Norman Fetterley started his news reporting career in 1967 at CJRN at Niagara Falls, his home town. In 1968 he was at CKTB in St. Catherines. In 1972, he was doing morning radio news at CKPR in Thunder Bay and began his CHFD TV (CTV) news career at the same time. In 1973, CTV moved him to CFCF Montreal. In 1974, he was re-assigned to CFTO as the stations Ottawa reporter. From 1983 to 1997 he was parliamentary reporter for CTV's Ottawa station CJOH TV. In 1997 Norm was the station's staff reporter until retirement in 2013.
CJRN owner Jim O'Brien and his brother Bob O'Brien, the operations manager, were considered by many to be the dynamic duo of broadcasting. Bob was a former art college student (OAC) in Toronto. He was always interested in creative solutions to programming problems. Jim had been a business student at Ryerson and had created a solid reputation as the sales manager of CFGM Richmond Hill. Jim bought CHVC from Howard Bedford in 1965 and changed the call letters to CJRN. The studios were located under the Rainbow Bridge which was a major problem because there was no way to monitor the radio signal through the bridge's tons of concrete. When the transmitter in Stevensville near Fort Erie would accidently trip off it could be several hours before the operators would know. Previous owner Bedford had an arrangement with a cab driver to drive down to the transmitter shack and re-set the transmitter. Jim quickly solved the problem by moving the studios to the Park Motor Hotel on Clifton Hill near the Niagara River Parkway. In 1971, the studios were moved to St. Clair Avenue. Jim was a charismatic leader. Because of his dynamic personality and drive he was considered one of the best salesmen in the broadcast industry. Read Bob's reflections on the Blizzard of '77, an excerpt from Erno Rossi's book, White Death
John Walter (aka Dick Mather), came to Niagara from western Canada. Born in Edmonton, Alberta, he started in radio at CKLN Fort St. John, B.C. in 1962. In 1963 he was at CKEK Cranbrook, B.C. before moving to CKYL Peace River. He joined CJRN in Niagara Falls in 1965. In 1969 Dick did a short news stint at WKBW in Buffalo but green card issues sent him back to Ontario. He left Niagara Falls to work in Hamilton. From there he went to Calgary and then to his home town of Edmonton to be news director of CFRN in 1970. Edmonton where won many awards for a series of documentaries on his "Eye To Eye" programme. Dick worked with CHQT in morning news and then QCTV until he opened his own radio station, CKST in St. Albert. Dick had a franchise for Texaco and owned Squeaky Clean Pressure Washing. Dick won an election in 1983 as public school trustee and was Chair of the Edmonton Public School Board for two terms. His wife Weslyn is a noted activist in education. In 1995 Dick won election as City Councilor. He died in office on Aug. 13,1997 at 56.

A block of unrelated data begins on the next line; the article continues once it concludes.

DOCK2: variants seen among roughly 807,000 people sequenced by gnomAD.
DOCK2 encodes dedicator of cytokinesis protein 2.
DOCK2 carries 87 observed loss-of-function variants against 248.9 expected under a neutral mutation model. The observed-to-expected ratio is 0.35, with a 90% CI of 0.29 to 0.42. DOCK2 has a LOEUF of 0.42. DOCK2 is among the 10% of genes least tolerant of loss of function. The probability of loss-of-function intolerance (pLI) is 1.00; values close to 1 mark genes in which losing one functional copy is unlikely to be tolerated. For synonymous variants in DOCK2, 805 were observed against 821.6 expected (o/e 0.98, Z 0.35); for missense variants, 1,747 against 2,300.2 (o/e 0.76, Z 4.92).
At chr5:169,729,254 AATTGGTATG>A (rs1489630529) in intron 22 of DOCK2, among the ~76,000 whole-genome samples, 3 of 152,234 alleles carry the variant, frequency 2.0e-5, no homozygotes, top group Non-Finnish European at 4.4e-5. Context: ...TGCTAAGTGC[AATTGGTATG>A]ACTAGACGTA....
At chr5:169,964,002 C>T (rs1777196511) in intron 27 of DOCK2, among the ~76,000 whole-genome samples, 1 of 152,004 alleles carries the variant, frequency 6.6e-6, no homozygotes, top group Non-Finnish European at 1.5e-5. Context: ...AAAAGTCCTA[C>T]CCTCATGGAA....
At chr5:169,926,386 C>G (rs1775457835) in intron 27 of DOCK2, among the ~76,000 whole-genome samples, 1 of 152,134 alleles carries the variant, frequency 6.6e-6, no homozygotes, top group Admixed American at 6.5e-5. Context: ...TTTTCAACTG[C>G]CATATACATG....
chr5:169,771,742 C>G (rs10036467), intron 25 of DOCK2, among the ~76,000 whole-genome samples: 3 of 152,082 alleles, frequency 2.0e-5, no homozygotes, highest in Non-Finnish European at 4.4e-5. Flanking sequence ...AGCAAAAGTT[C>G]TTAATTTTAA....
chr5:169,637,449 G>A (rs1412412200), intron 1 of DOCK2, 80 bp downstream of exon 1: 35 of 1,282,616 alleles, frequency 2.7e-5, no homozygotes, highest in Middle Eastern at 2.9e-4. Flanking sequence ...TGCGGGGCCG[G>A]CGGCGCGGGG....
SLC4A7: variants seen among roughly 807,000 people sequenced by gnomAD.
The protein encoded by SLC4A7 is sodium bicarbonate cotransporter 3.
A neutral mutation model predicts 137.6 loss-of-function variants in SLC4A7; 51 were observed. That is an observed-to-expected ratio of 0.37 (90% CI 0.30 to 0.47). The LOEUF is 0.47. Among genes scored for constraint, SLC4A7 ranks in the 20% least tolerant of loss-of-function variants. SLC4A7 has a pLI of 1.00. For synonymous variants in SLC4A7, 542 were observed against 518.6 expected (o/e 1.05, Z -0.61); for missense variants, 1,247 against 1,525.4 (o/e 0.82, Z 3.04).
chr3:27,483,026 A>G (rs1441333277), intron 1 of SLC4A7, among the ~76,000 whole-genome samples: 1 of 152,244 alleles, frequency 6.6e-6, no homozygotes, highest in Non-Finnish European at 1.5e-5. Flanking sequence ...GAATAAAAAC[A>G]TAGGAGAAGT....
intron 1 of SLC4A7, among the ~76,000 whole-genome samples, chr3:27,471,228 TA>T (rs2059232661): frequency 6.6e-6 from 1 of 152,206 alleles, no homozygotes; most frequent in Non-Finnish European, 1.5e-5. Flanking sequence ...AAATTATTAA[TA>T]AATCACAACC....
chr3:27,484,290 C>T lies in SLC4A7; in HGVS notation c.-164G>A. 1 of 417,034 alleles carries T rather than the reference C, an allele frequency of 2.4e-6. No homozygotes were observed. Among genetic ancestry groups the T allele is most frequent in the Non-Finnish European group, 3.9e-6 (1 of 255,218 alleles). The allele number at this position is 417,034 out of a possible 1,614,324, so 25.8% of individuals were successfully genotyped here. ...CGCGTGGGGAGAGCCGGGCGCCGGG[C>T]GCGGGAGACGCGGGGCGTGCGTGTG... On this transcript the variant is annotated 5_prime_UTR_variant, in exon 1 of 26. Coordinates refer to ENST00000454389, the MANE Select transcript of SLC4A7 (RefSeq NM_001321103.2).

Mather Park in Edmonton is named in his honour.
Chuck McCoy was a bright young talent, fresh from Regina, Sask. His first CJRN assignment was to join Bud Riley for a remote at a local mall. He and Bud were required to climb onto a flat-bed truck to hand out free bottles of Mountain Dew to supermarket customers. In the late 60s he joined Bud at CHUM when his long time friend J. Robert Wood hired him. Today, after 23 years as an executive with Rogers Communications in Toronto Chuck is retired (as of the end of 2012. (see more on Chuck at CHUM)